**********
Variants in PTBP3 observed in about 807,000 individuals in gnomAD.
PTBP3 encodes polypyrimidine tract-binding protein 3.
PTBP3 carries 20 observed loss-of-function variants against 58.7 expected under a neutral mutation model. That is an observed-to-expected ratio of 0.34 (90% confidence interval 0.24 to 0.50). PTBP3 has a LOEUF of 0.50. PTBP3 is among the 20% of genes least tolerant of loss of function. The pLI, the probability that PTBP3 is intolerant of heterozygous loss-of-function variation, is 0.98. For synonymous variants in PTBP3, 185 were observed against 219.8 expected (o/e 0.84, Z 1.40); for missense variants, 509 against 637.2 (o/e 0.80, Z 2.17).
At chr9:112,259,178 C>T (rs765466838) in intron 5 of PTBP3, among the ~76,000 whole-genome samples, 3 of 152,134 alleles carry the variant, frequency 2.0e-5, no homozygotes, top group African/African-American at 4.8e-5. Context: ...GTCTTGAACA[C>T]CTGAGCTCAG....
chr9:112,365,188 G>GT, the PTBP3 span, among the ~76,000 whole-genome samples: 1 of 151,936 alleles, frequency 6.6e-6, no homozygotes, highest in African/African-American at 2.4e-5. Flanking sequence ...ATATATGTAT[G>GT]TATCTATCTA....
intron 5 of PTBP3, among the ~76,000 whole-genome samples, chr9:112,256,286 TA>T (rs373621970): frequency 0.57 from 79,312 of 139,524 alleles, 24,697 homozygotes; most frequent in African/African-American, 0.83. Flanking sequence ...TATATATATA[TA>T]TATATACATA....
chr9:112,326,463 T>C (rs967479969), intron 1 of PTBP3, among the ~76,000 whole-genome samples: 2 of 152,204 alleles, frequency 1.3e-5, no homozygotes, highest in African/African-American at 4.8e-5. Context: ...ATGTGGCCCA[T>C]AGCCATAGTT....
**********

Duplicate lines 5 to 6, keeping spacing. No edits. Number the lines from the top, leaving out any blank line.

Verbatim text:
chr9:112,365,188 G>GT, the PTBP3 span, among the ~76,000 whole-genome samples: 1 of 151,936 alleles, frequency 6.6e-6, no homozygotes, highest in African/African-American at 2.4e-5. Flanking sequence ...ATATATGTAT[G>GT]TATCTATCTA....
intron 5 of PTBP3, among the ~76,000 whole-genome samples, chr9:112,256,286 TA>T (rs373621970): frequency 0.57 from 79,312 of 139,524 alleles, 24,697 homozygotes; most frequent in African/African-American, 0.83. Flanking sequence ...TATATATATA[TA>T]TATATACATA....